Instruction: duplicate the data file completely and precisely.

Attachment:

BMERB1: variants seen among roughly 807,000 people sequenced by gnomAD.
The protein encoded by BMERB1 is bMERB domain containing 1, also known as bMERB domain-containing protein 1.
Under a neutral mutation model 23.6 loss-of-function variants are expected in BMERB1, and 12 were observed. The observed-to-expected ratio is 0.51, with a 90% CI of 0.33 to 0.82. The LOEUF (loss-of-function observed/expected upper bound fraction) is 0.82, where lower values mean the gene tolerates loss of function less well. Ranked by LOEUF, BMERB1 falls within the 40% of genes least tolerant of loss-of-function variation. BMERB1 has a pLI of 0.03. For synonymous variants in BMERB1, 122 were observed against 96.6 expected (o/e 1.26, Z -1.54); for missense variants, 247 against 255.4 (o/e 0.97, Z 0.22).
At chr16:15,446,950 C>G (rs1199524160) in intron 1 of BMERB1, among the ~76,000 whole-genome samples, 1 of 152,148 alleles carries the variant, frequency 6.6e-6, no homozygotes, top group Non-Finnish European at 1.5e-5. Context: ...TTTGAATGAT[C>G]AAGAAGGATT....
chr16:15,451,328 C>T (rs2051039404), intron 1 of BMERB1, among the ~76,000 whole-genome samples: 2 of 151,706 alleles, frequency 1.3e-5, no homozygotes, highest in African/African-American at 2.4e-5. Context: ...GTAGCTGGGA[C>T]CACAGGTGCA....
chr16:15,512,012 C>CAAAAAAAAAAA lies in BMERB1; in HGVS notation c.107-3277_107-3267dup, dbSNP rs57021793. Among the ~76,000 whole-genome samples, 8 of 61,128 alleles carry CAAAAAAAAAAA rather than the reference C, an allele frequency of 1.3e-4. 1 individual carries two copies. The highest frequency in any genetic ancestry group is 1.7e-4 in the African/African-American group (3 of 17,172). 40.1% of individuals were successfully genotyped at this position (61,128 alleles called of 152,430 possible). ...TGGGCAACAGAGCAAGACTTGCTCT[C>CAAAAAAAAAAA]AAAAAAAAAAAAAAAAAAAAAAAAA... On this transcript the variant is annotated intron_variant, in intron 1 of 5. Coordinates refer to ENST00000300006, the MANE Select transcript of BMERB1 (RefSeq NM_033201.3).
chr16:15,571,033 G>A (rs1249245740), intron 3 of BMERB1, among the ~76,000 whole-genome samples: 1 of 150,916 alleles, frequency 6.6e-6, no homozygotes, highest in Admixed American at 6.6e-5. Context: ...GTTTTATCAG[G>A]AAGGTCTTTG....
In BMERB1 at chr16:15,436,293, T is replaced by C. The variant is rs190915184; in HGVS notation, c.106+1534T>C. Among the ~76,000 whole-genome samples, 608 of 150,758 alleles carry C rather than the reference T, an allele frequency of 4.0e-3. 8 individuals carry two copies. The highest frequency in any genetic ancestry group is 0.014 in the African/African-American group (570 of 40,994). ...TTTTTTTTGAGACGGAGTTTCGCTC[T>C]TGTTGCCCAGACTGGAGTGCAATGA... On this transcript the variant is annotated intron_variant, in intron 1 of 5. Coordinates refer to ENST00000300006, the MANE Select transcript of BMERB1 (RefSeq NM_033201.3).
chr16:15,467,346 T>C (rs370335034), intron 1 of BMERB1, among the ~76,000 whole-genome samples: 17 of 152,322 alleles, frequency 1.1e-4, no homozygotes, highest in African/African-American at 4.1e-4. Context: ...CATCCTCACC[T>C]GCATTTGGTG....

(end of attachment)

BMERB1: variants seen among roughly 807,000 people sequenced by gnomAD.
The protein encoded by BMERB1 is bMERB domain containing 1, also known as bMERB domain-containing protein 1.
Under a neutral mutation model 23.6 loss-of-function variants are expected in BMERB1, and 12 were observed. The observed-to-expected ratio is 0.51, with a 90% CI of 0.33 to 0.82. The LOEUF (loss-of-function observed/expected upper bound fraction) is 0.82, where lower values mean the gene tolerates loss of function less well. Ranked by LOEUF, BMERB1 falls within the 40% of genes least tolerant of loss-of-function variation. BMERB1 has a pLI of 0.03. For synonymous variants in BMERB1, 122 were observed against 96.6 expected (o/e 1.26, Z -1.54); for missense variants, 247 against 255.4 (o/e 0.97, Z 0.22).
At chr16:15,446,950 C>G (rs1199524160) in intron 1 of BMERB1, among the ~76,000 whole-genome samples, 1 of 152,148 alleles carries the variant, frequency 6.6e-6, no homozygotes, top group Non-Finnish European at 1.5e-5. Context: ...TTTGAATGAT[C>G]AAGAAGGATT....
chr16:15,451,328 C>T (rs2051039404), intron 1 of BMERB1, among the ~76,000 whole-genome samples: 2 of 151,706 alleles, frequency 1.3e-5, no homozygotes, highest in African/African-American at 2.4e-5. Context: ...GTAGCTGGGA[C>T]CACAGGTGCA....
chr16:15,512,012 C>CAAAAAAAAAAA lies in BMERB1; in HGVS notation c.107-3277_107-3267dup, dbSNP rs57021793. Among the ~76,000 whole-genome samples, 8 of 61,128 alleles carry CAAAAAAAAAAA rather than the reference C, an allele frequency of 1.3e-4. 1 individual carries two copies. The highest frequency in any genetic ancestry group is 1.7e-4 in the African/African-American group (3 of 17,172). 40.1% of individuals were successfully genotyped at this position (61,128 alleles called of 152,430 possible). ...TGGGCAACAGAGCAAGACTTGCTCT[C>CAAAAAAAAAAA]AAAAAAAAAAAAAAAAAAAAAAAAA... On this transcript the variant is annotated intron_variant, in intron 1 of 5. Coordinates refer to ENST00000300006, the MANE Select transcript of BMERB1 (RefSeq NM_033201.3).
chr16:15,571,033 G>A (rs1249245740), intron 3 of BMERB1, among the ~76,000 whole-genome samples: 1 of 150,916 alleles, frequency 6.6e-6, no homozygotes, highest in Admixed American at 6.6e-5. Context: ...GTTTTATCAG[G>A]AAGGTCTTTG....
In BMERB1 at chr16:15,436,293, T is replaced by C. The variant is rs190915184; in HGVS notation, c.106+1534T>C. Among the ~76,000 whole-genome samples, 608 of 150,758 alleles carry C rather than the reference T, an allele frequency of 4.0e-3. 8 individuals carry two copies. The highest frequency in any genetic ancestry group is 0.014 in the African/African-American group (570 of 40,994). ...TTTTTTTTGAGACGGAGTTTCGCTC[T>C]TGTTGCCCAGACTGGAGTGCAATGA... On this transcript the variant is annotated intron_variant, in intron 1 of 5. Coordinates refer to ENST00000300006, the MANE Select transcript of BMERB1 (RefSeq NM_033201.3).
chr16:15,467,346 T>C (rs370335034), intron 1 of BMERB1, among the ~76,000 whole-genome samples: 17 of 152,322 alleles, frequency 1.1e-4, no homozygotes, highest in African/African-American at 4.1e-4. Context: ...CATCCTCACC[T>C]GCATTTGGTG....